This gin cocktail is bright and tart, with delicate herbal and berry flavors and a pale pink color.
'grenadine' on Serious Eats
There are a few cocktails that go by this name, but my favorite is this version with rye (or bourbon), grenadine, pastis, curaçao or Grand Marnier, and an egg white. It's rich and mildly creamy, with mellow whiskey flavors rounded out by sweet fruitiness and just a hint of anise.
Grenadine is a pomegranate syrup—or that's what it's supposed to be. If you've ever seen a pomegranate, you know that it's not an easy fruit to juice. So somewhere along the way, grenadine makers strayed away from using real pomegranate juice and instead used corn syrup and red dye #40. That's why a lot of us think of grenadine as "that sweet stuff that turns drinks red" and avoid it like the technicolor plague.
DIY grenadine is as quick to make as simple syrup, and you are in control of how sweet it is. Pomegranate molasses and rosewater add a bit of complexity to the flavor of the final product.
In this clever variation on the classic liquor-based sour, bartender Thad Vogler substitutes the assertive flavor of black tea for alcohol. The tannic qualities of the tea provide many of the same qualities as booze and give the drink a delicious backbone which stands up against tart lemon and sweet grenadine.
Jackson Cannon of Eastern Standard and Island Creek Oyster Bar in Boston describes the Jack Rose as "a lost classic." Constructed with house-made grenadine, Laird's Applejack, a bit of lemon, and a dash of Peychaud's bitters, it's spirit forward with a refreshing fruity undercurrent.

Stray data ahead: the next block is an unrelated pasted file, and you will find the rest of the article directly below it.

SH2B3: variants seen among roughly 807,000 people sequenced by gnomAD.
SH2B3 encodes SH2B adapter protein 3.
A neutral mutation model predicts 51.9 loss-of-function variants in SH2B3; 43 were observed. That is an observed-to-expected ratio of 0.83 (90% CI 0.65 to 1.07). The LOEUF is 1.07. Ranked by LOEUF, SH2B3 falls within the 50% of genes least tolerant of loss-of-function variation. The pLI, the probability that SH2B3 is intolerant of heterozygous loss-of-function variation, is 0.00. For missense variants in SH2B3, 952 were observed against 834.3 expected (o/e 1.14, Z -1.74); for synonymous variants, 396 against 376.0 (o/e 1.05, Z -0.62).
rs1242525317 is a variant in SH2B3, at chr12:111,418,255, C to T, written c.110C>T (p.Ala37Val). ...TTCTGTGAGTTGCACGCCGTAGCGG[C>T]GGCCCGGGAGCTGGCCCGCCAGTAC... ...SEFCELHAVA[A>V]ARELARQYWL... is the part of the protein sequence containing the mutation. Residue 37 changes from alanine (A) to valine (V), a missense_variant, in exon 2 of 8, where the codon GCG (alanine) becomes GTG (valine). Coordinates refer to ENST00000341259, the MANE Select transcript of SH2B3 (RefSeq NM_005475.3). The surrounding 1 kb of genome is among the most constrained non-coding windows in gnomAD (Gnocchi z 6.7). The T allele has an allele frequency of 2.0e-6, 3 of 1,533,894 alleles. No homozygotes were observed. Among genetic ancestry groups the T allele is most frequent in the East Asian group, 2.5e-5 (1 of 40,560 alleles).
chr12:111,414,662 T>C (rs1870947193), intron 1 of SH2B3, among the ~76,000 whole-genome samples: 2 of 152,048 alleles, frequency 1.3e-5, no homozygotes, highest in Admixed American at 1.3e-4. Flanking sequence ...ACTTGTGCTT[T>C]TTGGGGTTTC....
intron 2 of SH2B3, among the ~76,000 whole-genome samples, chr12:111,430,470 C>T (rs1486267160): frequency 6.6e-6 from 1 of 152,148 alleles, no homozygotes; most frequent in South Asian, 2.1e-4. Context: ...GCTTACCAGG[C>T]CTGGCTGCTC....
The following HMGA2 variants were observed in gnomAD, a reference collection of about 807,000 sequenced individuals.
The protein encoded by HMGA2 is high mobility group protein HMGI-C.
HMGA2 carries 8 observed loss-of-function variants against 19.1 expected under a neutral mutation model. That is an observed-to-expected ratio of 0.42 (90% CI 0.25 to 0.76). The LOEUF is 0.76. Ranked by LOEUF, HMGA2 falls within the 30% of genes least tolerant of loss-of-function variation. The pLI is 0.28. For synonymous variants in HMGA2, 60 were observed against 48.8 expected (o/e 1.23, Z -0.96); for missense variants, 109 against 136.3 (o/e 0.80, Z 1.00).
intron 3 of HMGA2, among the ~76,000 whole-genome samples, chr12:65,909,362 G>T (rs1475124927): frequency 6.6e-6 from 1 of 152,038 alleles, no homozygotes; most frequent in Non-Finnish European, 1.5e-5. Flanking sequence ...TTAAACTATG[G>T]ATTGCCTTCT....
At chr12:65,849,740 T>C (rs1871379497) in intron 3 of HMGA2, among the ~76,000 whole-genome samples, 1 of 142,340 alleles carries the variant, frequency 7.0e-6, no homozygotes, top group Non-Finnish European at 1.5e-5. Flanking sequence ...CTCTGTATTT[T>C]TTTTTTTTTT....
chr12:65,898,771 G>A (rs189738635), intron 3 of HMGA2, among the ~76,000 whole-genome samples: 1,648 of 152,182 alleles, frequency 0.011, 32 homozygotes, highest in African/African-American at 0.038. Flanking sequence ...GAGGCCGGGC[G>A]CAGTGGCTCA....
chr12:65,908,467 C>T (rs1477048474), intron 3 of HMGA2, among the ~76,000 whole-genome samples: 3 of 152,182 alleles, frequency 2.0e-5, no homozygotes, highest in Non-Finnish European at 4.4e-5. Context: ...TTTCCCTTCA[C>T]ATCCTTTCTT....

[Photograph: Jim Kearns] At 17th Street between Fifth and Sixth Avenues, you'll find one of the greatest cocktail concentrations in the city. This one small block is now home to two mixology powerhouses: Raines Law Room, and the recently opened...
By incorporating fresh OJ and a little grenadine into the venerable sour, the Ward Eight rises above the ordinary.
Originally named for a Philadelphia social club with roots tracing back to the 1880s, the Clover Club was, for decades, one of the marks of the sophisticated boozer, a manly drink (despite its pink hue) shaken by the bucketload in the wood-paneled lounges of the early 20th century.
When the weather (or your palate) is being indecisive, it's best for your cocktails to play along. That's where the El Presidente comes in: made with light rum, it has a bright, summery appeal; but with the gravitas brought to the drink by dry vermouth and orange curacao, the flavor is ready to pull on a sweater against the evening's chill.
This is a drink where spending the time and money to get your hands on the right ingredients makes all the difference. Fresh-squeezed orange juice is essential, and a quality grenadine—Stirrings makes a decent one, though it's quite simple to make your own—and an authentic absinthe really make the cocktail come together (though a substitute such as Herbsaint, Pernod or Ricard will also suffice).